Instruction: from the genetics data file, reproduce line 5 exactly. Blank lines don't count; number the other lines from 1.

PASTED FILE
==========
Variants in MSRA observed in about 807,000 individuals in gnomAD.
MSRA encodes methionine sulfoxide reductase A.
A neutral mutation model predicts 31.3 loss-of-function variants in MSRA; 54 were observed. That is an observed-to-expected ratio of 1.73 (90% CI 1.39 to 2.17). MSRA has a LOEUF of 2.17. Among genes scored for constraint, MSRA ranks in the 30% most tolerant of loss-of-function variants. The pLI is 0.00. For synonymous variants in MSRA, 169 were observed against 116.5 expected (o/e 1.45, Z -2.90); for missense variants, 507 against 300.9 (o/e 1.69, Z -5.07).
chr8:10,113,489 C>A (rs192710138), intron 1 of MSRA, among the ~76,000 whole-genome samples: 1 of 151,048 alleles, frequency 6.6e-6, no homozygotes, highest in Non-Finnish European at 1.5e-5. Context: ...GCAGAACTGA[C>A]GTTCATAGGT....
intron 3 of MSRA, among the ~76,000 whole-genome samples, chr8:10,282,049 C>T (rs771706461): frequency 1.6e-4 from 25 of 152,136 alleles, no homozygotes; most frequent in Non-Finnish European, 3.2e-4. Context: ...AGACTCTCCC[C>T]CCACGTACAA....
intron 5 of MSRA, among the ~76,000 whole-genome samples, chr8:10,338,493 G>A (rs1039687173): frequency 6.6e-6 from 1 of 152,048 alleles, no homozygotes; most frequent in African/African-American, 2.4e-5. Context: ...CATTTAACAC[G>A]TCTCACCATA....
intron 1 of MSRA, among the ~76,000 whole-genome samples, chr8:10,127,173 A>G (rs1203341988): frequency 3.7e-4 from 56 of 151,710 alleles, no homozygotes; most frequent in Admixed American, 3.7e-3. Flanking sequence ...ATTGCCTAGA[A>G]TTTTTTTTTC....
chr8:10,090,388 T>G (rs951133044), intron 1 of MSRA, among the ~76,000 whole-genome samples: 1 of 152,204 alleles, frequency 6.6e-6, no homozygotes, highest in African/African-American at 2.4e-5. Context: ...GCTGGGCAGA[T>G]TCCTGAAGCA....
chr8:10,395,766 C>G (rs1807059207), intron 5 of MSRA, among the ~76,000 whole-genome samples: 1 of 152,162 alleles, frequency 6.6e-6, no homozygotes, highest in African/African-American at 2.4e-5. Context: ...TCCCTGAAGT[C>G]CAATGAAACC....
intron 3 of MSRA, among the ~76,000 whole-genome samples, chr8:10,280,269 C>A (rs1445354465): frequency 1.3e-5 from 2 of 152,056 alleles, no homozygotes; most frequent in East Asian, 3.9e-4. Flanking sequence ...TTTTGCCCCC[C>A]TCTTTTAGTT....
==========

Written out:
intron 3 of MSRA, among the ~76,000 whole-genome samples, chr8:10,282,049 C>T (rs771706461): frequency 1.6e-4 from 25 of 152,136 alleles, no homozygotes; most frequent in Non-Finnish European, 3.2e-4. Context: ...AGACTCTCCC[C>T]CCACGTACAA....